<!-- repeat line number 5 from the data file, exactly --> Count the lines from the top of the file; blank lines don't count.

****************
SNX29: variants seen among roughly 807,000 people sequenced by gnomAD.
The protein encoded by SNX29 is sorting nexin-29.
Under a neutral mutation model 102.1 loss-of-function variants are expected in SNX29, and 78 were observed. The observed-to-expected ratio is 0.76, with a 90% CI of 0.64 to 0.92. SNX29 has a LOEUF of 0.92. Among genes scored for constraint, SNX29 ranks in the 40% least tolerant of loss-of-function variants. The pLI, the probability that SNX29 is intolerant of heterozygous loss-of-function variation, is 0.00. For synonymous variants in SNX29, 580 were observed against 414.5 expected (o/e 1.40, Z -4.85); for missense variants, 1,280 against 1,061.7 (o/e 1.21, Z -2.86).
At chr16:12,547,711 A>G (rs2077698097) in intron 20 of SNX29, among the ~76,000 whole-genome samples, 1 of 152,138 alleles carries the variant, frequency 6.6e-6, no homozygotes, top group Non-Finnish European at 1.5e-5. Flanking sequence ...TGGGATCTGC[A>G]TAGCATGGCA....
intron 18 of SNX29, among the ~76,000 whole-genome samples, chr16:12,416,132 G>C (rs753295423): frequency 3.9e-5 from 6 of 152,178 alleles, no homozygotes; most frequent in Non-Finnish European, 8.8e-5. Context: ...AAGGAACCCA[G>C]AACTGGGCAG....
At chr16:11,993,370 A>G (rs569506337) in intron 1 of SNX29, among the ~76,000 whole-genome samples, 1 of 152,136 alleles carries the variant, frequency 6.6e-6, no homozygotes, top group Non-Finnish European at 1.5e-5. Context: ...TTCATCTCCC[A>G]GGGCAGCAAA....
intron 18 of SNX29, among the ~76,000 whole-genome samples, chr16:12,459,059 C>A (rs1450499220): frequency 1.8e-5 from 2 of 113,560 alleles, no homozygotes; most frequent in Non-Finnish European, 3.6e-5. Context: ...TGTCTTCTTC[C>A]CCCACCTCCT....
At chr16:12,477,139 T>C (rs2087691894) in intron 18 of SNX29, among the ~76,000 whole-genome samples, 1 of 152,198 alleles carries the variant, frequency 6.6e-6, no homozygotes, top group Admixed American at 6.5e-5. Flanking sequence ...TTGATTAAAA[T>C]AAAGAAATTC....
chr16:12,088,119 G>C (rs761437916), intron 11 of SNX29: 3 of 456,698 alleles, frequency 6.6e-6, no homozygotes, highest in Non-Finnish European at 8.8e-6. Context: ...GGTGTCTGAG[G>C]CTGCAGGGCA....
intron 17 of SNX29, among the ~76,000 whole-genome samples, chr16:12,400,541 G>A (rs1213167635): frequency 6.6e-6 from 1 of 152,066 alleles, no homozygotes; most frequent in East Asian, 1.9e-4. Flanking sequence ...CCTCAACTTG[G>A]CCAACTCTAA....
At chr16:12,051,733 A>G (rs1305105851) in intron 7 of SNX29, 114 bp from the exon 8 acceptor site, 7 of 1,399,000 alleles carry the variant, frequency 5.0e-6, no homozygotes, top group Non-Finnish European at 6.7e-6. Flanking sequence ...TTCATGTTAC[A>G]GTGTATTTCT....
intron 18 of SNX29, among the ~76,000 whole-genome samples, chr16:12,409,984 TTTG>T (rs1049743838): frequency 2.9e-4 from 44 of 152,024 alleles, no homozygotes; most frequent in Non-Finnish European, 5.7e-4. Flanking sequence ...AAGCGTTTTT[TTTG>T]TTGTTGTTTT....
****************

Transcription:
intron 18 of SNX29, among the ~76,000 whole-genome samples, chr16:12,416,132 G>C (rs753295423): frequency 3.9e-5 from 6 of 152,178 alleles, no homozygotes; most frequent in Non-Finnish European, 8.8e-5. Context: ...AAGGAACCCA[G>C]AACTGGGCAG....